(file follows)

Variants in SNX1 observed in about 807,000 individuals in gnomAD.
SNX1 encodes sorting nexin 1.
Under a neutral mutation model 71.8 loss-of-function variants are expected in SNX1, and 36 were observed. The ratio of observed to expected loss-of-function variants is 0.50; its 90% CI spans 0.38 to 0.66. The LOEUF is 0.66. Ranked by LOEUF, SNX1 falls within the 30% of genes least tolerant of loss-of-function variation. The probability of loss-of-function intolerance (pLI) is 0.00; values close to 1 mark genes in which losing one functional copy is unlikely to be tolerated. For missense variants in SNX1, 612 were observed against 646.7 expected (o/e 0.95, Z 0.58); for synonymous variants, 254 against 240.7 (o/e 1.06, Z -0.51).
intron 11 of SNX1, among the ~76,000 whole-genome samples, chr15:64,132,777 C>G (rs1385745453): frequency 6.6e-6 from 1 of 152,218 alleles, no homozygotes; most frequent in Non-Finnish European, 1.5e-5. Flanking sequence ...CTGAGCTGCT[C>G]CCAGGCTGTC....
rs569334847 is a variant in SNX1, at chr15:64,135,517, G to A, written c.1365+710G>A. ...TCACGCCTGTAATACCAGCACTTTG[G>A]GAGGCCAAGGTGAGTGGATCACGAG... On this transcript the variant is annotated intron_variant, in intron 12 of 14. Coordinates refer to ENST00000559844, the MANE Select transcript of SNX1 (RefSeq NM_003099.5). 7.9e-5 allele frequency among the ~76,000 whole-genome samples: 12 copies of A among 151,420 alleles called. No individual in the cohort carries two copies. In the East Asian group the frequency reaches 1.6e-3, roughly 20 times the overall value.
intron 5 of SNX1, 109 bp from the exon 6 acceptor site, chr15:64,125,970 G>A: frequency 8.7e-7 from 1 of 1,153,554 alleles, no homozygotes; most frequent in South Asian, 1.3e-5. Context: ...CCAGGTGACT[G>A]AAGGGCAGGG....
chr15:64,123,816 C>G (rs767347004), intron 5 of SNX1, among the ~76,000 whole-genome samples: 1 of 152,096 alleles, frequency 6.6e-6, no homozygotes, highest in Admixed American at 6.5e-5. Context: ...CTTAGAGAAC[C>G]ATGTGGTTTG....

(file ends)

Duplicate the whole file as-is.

Variants in SNX1 observed in about 807,000 individuals in gnomAD.
SNX1 encodes sorting nexin 1.
Under a neutral mutation model 71.8 loss-of-function variants are expected in SNX1, and 36 were observed. The ratio of observed to expected loss-of-function variants is 0.50; its 90% CI spans 0.38 to 0.66. The LOEUF is 0.66. Ranked by LOEUF, SNX1 falls within the 30% of genes least tolerant of loss-of-function variation. The probability of loss-of-function intolerance (pLI) is 0.00; values close to 1 mark genes in which losing one functional copy is unlikely to be tolerated. For missense variants in SNX1, 612 were observed against 646.7 expected (o/e 0.95, Z 0.58); for synonymous variants, 254 against 240.7 (o/e 1.06, Z -0.51).
intron 11 of SNX1, among the ~76,000 whole-genome samples, chr15:64,132,777 C>G (rs1385745453): frequency 6.6e-6 from 1 of 152,218 alleles, no homozygotes; most frequent in Non-Finnish European, 1.5e-5. Flanking sequence ...CTGAGCTGCT[C>G]CCAGGCTGTC....
rs569334847 is a variant in SNX1, at chr15:64,135,517, G to A, written c.1365+710G>A. ...TCACGCCTGTAATACCAGCACTTTG[G>A]GAGGCCAAGGTGAGTGGATCACGAG... On this transcript the variant is annotated intron_variant, in intron 12 of 14. Coordinates refer to ENST00000559844, the MANE Select transcript of SNX1 (RefSeq NM_003099.5). 7.9e-5 allele frequency among the ~76,000 whole-genome samples: 12 copies of A among 151,420 alleles called. No individual in the cohort carries two copies. In the East Asian group the frequency reaches 1.6e-3, roughly 20 times the overall value.
intron 5 of SNX1, 109 bp from the exon 6 acceptor site, chr15:64,125,970 G>A: frequency 8.7e-7 from 1 of 1,153,554 alleles, no homozygotes; most frequent in South Asian, 1.3e-5. Context: ...CCAGGTGACT[G>A]AAGGGCAGGG....
chr15:64,123,816 C>G (rs767347004), intron 5 of SNX1, among the ~76,000 whole-genome samples: 1 of 152,096 alleles, frequency 6.6e-6, no homozygotes, highest in Admixed American at 6.5e-5. Context: ...CTTAGAGAAC[C>G]ATGTGGTTTG....